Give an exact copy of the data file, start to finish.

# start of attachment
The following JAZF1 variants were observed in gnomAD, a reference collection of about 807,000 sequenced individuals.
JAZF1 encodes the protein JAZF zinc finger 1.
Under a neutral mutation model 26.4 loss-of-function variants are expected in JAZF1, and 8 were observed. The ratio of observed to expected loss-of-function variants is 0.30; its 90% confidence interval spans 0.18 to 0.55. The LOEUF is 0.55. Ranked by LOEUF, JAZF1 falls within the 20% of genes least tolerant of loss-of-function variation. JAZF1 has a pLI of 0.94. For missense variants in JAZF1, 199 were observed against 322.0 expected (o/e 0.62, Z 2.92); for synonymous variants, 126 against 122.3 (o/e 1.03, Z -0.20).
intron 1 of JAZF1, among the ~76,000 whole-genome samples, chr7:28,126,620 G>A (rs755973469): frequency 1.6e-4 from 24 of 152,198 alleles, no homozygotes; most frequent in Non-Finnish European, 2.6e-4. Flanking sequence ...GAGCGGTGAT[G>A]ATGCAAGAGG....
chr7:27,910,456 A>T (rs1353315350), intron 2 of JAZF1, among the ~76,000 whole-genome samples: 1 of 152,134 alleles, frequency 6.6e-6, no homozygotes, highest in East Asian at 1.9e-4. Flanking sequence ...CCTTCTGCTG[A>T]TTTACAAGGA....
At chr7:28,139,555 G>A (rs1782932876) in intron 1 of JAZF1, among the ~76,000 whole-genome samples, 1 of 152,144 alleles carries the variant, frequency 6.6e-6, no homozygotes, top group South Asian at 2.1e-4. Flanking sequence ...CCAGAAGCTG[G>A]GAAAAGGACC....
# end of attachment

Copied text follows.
The following JAZF1 variants were observed in gnomAD, a reference collection of about 807,000 sequenced individuals.
JAZF1 encodes the protein JAZF zinc finger 1.
Under a neutral mutation model 26.4 loss-of-function variants are expected in JAZF1, and 8 were observed. The ratio of observed to expected loss-of-function variants is 0.30; its 90% confidence interval spans 0.18 to 0.55. The LOEUF is 0.55. Ranked by LOEUF, JAZF1 falls within the 20% of genes least tolerant of loss-of-function variation. JAZF1 has a pLI of 0.94. For missense variants in JAZF1, 199 were observed against 322.0 expected (o/e 0.62, Z 2.92); for synonymous variants, 126 against 122.3 (o/e 1.03, Z -0.20).
intron 1 of JAZF1, among the ~76,000 whole-genome samples, chr7:28,126,620 G>A (rs755973469): frequency 1.6e-4 from 24 of 152,198 alleles, no homozygotes; most frequent in Non-Finnish European, 2.6e-4. Flanking sequence ...GAGCGGTGAT[G>A]ATGCAAGAGG....
chr7:27,910,456 A>T (rs1353315350), intron 2 of JAZF1, among the ~76,000 whole-genome samples: 1 of 152,134 alleles, frequency 6.6e-6, no homozygotes, highest in East Asian at 1.9e-4. Flanking sequence ...CCTTCTGCTG[A>T]TTTACAAGGA....
At chr7:28,139,555 G>A (rs1782932876) in intron 1 of JAZF1, among the ~76,000 whole-genome samples, 1 of 152,144 alleles carries the variant, frequency 6.6e-6, no homozygotes, top group South Asian at 2.1e-4. Flanking sequence ...CCAGAAGCTG[G>A]GAAAAGGACC....